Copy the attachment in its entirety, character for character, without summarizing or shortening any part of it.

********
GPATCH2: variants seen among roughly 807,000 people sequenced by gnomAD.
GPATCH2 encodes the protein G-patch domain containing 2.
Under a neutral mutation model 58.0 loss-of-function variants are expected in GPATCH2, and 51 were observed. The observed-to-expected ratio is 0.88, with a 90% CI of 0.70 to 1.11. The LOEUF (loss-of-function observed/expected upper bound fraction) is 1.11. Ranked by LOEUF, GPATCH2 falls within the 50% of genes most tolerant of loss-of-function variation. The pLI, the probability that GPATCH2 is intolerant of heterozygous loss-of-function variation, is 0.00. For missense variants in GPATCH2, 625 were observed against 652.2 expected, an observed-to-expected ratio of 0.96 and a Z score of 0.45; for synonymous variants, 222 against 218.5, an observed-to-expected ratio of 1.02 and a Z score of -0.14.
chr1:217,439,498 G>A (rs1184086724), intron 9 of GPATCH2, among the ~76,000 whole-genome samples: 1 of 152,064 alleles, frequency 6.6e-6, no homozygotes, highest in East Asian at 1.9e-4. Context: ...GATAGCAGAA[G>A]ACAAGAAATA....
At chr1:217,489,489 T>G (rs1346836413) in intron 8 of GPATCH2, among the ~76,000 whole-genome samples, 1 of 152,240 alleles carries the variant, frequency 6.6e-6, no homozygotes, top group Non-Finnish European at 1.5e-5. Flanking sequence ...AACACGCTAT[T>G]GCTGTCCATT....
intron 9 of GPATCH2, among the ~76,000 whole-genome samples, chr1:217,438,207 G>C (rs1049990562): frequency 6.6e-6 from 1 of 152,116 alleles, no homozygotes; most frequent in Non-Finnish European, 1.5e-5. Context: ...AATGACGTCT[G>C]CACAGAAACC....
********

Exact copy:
GPATCH2: variants seen among roughly 807,000 people sequenced by gnomAD.
GPATCH2 encodes the protein G-patch domain containing 2.
Under a neutral mutation model 58.0 loss-of-function variants are expected in GPATCH2, and 51 were observed. The observed-to-expected ratio is 0.88, with a 90% CI of 0.70 to 1.11. The LOEUF (loss-of-function observed/expected upper bound fraction) is 1.11. Ranked by LOEUF, GPATCH2 falls within the 50% of genes most tolerant of loss-of-function variation. The pLI, the probability that GPATCH2 is intolerant of heterozygous loss-of-function variation, is 0.00. For missense variants in GPATCH2, 625 were observed against 652.2 expected, an observed-to-expected ratio of 0.96 and a Z score of 0.45; for synonymous variants, 222 against 218.5, an observed-to-expected ratio of 1.02 and a Z score of -0.14.
chr1:217,439,498 G>A (rs1184086724), intron 9 of GPATCH2, among the ~76,000 whole-genome samples: 1 of 152,064 alleles, frequency 6.6e-6, no homozygotes, highest in East Asian at 1.9e-4. Context: ...GATAGCAGAA[G>A]ACAAGAAATA....
At chr1:217,489,489 T>G (rs1346836413) in intron 8 of GPATCH2, among the ~76,000 whole-genome samples, 1 of 152,240 alleles carries the variant, frequency 6.6e-6, no homozygotes, top group Non-Finnish European at 1.5e-5. Flanking sequence ...AACACGCTAT[T>G]GCTGTCCATT....
intron 9 of GPATCH2, among the ~76,000 whole-genome samples, chr1:217,438,207 G>C (rs1049990562): frequency 6.6e-6 from 1 of 152,116 alleles, no homozygotes; most frequent in Non-Finnish European, 1.5e-5. Context: ...AATGACGTCT[G>C]CACAGAAACC....